This Week on Galileo: Four Weeks
20 May 2002
(Source: Jet Propulsion Laboratory)
May 20 - June 16, 2002
The Galileo spacecraft proceeds in its measured pace around the giant planet Jupiter while the flight team continues to diagnose a problem with the on-board tape recorder. On April 12, during a routine maintenance activity, the tape appears to have stuck to the record or playback heads. Four tests have been performed to characterize the problem. On Wednesday, May 22, one final low-speed test will be executed. Based on these results, our efforts will now become more aggressive, possibly trying to move the tape at higher speeds, which should provide more "oomph" to pulling the tape free. Detailed plans for the subsequent tests have not been scheduled as yet, and in the meantime all regularly scheduled tape activities have been put on hold until we have demonstrated that the machine is working properly again.
On Saturday, May 25, the spacecraft performs a 4 degree turn in place to keep the communications antenna pointed towards Earth.
On Friday, May 31, routine maintenance of the propulsion system is performed.
On Monday, June 3, the fourth planned load of sequence commands takes over control of the spacecraft, and will govern Galileo's activities until mid-August.
On Wednesday, June 5, a test of the on-board gyroscopes will be performed. These gyros have shown sensitivity to the intense radiation environment seen near Jupiter, but gradually correct themselves with time spent in the more benign environment far from the planet. This calibration will determine the health of the gyros in preparation for an orbit trim maneuver planned for Friday, June 14. This propulsive engine burn takes place one day after apojove, the farthest point in Galileo's orbit from Jupiter. This is the most distant that Galileo has been from Jupiter since before arriving in orbit in December 1995. At 348.1 Jupiter radii from the planet (24.9 million kilometers or 15.5 million miles) this is approximately one sixth of the distance from Earth to the Sun, and it takes light nearly a minute and a half to speed from Jupiter to the spacecraft!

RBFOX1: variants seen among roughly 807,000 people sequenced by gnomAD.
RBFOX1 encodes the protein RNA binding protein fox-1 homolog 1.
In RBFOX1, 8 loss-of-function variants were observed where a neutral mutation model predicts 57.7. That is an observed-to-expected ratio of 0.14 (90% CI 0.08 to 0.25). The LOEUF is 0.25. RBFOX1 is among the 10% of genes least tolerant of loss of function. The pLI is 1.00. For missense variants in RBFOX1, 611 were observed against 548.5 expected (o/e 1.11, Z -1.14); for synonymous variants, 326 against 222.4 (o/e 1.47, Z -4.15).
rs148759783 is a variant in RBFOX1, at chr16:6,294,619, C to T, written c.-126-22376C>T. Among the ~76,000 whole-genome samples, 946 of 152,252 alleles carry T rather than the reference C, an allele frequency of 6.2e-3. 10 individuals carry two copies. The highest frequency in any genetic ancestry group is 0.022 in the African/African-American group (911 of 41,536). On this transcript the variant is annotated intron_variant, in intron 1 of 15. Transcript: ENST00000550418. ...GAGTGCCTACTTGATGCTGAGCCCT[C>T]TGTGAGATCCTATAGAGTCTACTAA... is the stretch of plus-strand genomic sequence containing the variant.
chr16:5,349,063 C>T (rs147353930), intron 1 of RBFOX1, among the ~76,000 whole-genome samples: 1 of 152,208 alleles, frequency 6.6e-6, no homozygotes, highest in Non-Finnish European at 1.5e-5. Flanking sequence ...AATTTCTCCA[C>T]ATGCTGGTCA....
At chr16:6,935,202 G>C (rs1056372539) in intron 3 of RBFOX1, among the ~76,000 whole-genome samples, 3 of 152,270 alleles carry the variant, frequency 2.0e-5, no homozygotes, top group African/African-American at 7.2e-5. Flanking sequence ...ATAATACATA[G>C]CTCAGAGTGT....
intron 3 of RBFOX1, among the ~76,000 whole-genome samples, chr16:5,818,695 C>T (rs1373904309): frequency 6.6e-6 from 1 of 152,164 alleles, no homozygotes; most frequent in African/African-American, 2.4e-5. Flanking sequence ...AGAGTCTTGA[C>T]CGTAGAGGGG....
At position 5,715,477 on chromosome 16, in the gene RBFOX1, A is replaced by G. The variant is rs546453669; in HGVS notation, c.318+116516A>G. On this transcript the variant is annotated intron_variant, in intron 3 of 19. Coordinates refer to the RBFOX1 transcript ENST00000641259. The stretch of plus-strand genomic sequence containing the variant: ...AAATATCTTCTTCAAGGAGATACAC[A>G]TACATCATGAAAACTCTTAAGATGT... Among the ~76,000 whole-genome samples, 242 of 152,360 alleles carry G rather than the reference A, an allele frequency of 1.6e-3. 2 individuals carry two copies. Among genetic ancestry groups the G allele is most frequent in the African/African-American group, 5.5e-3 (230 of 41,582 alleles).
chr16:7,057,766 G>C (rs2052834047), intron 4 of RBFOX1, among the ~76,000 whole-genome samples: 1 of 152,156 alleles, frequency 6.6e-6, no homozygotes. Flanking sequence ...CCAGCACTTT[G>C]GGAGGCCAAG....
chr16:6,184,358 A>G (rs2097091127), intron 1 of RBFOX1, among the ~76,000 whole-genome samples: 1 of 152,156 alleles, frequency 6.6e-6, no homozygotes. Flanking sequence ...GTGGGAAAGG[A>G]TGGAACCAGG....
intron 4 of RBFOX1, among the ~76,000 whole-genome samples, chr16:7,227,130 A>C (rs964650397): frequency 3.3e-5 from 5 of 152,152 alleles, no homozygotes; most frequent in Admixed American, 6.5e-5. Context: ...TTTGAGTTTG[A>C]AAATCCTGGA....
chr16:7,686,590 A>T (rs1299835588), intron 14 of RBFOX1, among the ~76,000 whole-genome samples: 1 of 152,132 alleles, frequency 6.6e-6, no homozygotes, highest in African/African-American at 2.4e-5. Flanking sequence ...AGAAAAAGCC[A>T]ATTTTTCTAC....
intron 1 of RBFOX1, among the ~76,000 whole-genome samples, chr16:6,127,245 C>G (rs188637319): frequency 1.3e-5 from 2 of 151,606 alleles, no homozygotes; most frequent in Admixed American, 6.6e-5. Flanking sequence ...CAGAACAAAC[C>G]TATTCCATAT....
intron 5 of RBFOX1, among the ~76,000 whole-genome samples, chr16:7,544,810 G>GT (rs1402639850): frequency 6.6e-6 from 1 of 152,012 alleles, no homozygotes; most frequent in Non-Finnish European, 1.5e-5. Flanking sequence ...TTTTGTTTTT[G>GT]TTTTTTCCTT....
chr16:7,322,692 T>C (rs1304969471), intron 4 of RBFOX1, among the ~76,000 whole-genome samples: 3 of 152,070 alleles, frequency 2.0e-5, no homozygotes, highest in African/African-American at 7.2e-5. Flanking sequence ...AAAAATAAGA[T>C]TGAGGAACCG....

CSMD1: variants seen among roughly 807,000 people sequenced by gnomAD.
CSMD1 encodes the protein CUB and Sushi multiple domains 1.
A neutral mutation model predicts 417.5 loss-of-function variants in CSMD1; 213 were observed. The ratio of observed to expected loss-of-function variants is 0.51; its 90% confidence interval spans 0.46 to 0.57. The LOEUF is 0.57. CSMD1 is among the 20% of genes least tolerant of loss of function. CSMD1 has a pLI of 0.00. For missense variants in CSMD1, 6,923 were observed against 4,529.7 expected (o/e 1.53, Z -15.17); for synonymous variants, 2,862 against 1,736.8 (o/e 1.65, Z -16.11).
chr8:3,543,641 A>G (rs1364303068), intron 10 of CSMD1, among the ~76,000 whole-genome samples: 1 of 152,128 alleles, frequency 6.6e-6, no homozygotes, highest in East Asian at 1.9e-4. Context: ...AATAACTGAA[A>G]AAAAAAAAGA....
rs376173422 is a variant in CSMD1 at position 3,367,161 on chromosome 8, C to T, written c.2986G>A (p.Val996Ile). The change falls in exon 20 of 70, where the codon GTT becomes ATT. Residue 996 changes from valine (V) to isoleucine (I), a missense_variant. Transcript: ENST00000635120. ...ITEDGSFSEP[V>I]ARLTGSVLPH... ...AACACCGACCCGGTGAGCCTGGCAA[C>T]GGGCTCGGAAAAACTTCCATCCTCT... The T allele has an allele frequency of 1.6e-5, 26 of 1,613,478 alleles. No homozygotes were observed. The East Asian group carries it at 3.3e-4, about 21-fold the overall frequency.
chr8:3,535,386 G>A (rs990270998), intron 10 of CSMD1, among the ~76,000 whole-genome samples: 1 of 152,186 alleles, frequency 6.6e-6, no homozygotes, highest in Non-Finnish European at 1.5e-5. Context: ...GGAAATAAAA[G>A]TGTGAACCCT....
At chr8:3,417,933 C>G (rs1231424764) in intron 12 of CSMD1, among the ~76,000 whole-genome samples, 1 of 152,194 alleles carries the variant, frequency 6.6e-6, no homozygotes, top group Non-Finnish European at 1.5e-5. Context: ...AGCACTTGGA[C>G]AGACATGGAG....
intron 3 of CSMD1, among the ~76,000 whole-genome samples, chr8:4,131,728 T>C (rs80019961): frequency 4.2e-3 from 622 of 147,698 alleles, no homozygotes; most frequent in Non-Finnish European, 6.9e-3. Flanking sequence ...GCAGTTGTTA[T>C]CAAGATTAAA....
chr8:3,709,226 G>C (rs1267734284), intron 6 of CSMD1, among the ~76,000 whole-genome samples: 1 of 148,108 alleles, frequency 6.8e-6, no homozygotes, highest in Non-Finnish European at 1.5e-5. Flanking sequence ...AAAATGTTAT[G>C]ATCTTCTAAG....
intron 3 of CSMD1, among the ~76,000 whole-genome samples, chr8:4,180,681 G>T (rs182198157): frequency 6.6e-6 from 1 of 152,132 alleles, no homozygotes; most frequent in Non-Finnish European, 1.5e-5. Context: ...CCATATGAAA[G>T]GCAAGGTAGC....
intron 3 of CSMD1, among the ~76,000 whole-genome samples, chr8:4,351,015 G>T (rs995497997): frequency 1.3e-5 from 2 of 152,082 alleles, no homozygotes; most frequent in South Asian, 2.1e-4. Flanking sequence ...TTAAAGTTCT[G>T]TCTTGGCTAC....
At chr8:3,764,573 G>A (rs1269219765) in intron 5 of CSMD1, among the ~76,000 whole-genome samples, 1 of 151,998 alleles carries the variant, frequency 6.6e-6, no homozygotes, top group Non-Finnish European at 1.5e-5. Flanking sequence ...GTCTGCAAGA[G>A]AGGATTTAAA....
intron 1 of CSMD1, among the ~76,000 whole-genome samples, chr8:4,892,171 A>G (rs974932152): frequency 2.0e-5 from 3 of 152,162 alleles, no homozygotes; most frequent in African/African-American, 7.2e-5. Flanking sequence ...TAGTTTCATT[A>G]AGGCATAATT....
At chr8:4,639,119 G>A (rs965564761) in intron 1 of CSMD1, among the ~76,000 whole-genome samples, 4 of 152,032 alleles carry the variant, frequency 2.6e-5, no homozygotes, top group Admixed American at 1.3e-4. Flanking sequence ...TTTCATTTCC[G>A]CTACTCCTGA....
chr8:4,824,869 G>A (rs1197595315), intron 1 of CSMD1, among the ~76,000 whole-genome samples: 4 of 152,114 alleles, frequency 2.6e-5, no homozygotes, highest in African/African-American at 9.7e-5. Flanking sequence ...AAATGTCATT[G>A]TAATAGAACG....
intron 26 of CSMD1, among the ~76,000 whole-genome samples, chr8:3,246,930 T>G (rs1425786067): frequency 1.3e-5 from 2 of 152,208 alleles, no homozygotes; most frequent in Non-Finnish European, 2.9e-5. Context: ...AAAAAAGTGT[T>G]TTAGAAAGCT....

With the spacecraft well outside the magnetosphere of Jupiter on the sunward side of the planet, continuous data collection by the Magnetometer, the Dust Detector, and the Extreme Ultraviolet Spectrometer instruments provides scientists with information about the interplanetary medium.